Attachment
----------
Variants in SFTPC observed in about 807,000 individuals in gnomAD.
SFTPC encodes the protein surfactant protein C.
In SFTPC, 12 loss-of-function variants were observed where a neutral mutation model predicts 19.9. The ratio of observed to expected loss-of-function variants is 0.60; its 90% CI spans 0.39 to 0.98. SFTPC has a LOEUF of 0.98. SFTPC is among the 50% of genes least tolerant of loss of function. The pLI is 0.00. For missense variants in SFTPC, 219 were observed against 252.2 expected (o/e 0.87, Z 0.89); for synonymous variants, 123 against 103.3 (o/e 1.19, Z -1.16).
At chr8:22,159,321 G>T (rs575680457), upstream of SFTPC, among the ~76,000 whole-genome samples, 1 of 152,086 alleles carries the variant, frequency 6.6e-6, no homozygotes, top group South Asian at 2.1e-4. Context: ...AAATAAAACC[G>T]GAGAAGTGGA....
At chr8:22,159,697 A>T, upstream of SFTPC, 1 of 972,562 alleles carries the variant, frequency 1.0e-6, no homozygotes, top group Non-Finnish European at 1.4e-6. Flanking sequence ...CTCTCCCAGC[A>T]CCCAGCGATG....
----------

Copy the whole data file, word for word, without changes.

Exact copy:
Variants in SFTPC observed in about 807,000 individuals in gnomAD.
SFTPC encodes the protein surfactant protein C.
In SFTPC, 12 loss-of-function variants were observed where a neutral mutation model predicts 19.9. The ratio of observed to expected loss-of-function variants is 0.60; its 90% CI spans 0.39 to 0.98. SFTPC has a LOEUF of 0.98. SFTPC is among the 50% of genes least tolerant of loss of function. The pLI is 0.00. For missense variants in SFTPC, 219 were observed against 252.2 expected (o/e 0.87, Z 0.89); for synonymous variants, 123 against 103.3 (o/e 1.19, Z -1.16).
At chr8:22,159,321 G>T (rs575680457), upstream of SFTPC, among the ~76,000 whole-genome samples, 1 of 152,086 alleles carries the variant, frequency 6.6e-6, no homozygotes, top group South Asian at 2.1e-4. Context: ...AAATAAAACC[G>T]GAGAAGTGGA....
At chr8:22,159,697 A>T, upstream of SFTPC, 1 of 972,562 alleles carries the variant, frequency 1.0e-6, no homozygotes, top group Non-Finnish European at 1.4e-6. Flanking sequence ...CTCTCCCAGC[A>T]CCCAGCGATG....